>Imagine you're writing "Gray skirts are fashionable right now." If you want to link to a site that talks about what's "fashionable right now", you'd put the link on that text. <
In the above example, why not just be completely safe, play by G's rules (which ALREADY totally FORCE us to violate what HTML was invented for and how it was intended to be used in SO many ways anyhow) and make it read something like "Gray skirts are fashionable right now... But don't just take MY word for it, check this article at: 'example.com'" and put the link only around "example.com" or their "company name" IF it's mainly a brand and doesn't contain any critical keywords. Or how about: "don't know what a gray skirt looks like? See: 'Wiki---'" "looking to buy gray skirts, visit the 'famous skirt store' site." Yes, it is awkward and poor style (see disclaimer at top about G) but the linked site will still get the generic link PR, you'll get the so-called-authority if such exists, your readers get the benefit of additional information, and G can go F@#$ themselves, do their own jobs, and try to figure out what the heck the destination page is all ABOUT on their own. After all that's apparently what they want so it's a win-win-win-(win?).
Also, on the topic of "Good" sites in the title, when linking anywhere, avoid short term events (i.e. a conference registration site/page for next month) or sites without long-standing records (I know it's cruel and unfair to start-ups, but so true these days) unless you know you'll remember to come back, check and remove it every month if necessary, otherwise you can wind up accidentally linking into 'bad neighborhoods' when the site is allowed to expire by the original owner and bought up by a spammer and redirected or modified for it's prior traffic. Checking periodically on small (<100 page) sites isn't so bad, but when you get into the 1000's of pages, it's impossible without good automation software.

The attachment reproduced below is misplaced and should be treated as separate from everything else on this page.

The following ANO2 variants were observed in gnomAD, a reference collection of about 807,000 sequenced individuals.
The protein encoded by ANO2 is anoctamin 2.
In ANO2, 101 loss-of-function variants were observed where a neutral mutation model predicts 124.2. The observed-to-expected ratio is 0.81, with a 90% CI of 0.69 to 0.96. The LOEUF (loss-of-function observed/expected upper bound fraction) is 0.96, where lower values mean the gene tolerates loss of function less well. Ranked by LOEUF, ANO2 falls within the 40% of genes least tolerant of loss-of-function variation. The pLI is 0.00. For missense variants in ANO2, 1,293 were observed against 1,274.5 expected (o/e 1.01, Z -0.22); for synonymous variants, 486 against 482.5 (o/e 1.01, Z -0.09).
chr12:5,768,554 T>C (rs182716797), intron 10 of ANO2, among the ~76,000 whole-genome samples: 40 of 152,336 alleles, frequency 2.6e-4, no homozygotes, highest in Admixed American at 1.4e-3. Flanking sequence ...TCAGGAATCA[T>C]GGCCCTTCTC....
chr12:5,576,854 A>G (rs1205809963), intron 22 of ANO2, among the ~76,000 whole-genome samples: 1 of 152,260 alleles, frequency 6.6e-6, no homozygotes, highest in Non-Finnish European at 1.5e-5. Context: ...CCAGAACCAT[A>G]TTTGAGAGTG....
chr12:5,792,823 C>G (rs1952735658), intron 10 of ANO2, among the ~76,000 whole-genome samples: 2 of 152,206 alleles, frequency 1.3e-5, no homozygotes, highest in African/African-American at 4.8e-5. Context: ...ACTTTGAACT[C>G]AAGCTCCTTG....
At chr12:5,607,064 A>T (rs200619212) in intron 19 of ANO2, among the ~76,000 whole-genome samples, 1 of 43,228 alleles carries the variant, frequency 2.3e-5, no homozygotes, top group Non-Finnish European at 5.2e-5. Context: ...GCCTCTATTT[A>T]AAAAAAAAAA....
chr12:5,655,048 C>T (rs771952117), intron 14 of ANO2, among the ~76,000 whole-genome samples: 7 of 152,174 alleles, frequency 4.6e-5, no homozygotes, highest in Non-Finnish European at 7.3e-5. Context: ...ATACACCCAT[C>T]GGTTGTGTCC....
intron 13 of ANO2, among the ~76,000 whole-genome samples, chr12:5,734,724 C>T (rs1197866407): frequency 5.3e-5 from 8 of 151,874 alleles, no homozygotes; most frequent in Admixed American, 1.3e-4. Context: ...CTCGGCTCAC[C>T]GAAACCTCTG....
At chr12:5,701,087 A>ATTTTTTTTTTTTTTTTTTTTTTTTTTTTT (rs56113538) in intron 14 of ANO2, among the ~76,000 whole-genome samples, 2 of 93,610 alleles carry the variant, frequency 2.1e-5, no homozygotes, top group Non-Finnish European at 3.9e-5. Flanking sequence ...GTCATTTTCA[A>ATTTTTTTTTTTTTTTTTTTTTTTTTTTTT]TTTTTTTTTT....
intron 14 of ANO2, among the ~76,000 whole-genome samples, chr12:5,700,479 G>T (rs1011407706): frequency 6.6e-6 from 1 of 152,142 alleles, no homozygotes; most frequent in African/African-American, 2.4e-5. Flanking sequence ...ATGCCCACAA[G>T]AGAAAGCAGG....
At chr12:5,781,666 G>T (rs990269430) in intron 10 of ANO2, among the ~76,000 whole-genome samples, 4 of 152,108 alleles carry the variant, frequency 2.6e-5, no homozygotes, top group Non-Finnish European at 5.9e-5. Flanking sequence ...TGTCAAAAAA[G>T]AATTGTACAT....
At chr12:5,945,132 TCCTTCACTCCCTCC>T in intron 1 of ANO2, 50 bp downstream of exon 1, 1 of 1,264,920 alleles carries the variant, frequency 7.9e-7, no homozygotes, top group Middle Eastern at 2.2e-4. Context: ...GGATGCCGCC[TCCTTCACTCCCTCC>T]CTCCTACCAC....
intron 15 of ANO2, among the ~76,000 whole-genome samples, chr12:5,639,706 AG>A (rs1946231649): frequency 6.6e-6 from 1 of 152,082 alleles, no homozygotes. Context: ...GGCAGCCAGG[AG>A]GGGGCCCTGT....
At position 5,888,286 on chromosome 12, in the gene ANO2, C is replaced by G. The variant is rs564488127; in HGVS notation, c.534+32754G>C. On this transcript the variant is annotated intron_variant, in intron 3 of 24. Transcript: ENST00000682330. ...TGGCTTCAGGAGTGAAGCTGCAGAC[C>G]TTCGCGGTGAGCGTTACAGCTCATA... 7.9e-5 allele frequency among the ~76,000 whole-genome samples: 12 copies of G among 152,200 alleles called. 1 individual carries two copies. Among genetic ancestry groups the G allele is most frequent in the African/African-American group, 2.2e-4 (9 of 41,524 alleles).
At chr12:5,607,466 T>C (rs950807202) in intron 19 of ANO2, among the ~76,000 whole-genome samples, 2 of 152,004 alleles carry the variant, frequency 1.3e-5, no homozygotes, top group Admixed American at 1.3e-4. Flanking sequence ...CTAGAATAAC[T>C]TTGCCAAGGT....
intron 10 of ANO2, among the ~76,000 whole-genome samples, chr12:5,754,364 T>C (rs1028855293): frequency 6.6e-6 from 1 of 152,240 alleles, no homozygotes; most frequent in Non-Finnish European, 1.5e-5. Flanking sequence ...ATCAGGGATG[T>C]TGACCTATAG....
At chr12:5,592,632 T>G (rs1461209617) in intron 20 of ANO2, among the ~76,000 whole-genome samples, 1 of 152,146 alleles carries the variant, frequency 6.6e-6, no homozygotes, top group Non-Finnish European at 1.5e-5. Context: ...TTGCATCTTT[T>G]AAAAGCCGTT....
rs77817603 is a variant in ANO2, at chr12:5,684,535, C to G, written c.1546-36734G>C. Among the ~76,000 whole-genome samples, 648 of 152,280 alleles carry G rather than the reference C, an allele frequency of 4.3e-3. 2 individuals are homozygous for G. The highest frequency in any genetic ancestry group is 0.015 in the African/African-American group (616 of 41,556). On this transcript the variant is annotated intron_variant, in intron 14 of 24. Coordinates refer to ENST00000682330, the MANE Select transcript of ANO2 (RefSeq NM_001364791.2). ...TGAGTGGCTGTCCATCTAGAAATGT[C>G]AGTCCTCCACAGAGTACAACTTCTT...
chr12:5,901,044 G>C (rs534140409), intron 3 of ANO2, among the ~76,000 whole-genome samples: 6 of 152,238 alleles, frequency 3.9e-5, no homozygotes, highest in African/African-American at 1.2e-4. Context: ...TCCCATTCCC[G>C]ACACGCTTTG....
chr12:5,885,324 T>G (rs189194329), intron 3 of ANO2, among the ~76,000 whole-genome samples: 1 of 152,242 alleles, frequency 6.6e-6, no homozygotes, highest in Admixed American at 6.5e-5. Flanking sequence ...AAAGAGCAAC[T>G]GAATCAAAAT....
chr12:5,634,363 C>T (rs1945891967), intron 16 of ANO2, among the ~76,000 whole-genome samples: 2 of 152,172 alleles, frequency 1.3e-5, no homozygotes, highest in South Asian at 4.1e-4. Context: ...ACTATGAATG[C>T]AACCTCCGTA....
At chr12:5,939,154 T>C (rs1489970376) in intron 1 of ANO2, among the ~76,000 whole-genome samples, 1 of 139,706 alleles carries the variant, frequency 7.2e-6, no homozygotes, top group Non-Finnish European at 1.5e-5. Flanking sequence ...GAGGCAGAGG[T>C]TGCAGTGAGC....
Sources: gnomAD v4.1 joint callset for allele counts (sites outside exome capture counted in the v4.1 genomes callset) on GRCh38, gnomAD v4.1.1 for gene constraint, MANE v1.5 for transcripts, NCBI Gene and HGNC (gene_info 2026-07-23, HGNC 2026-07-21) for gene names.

>debate about the possibility that Google considers it spammy...<
I can't imagine that. I'll have to research this. Especially coming from a company whose name is now a verb and all but synonymous with the term 'search engine'. Although it would explain why G doesn't show up on the first two pages of a G-search for "search engine."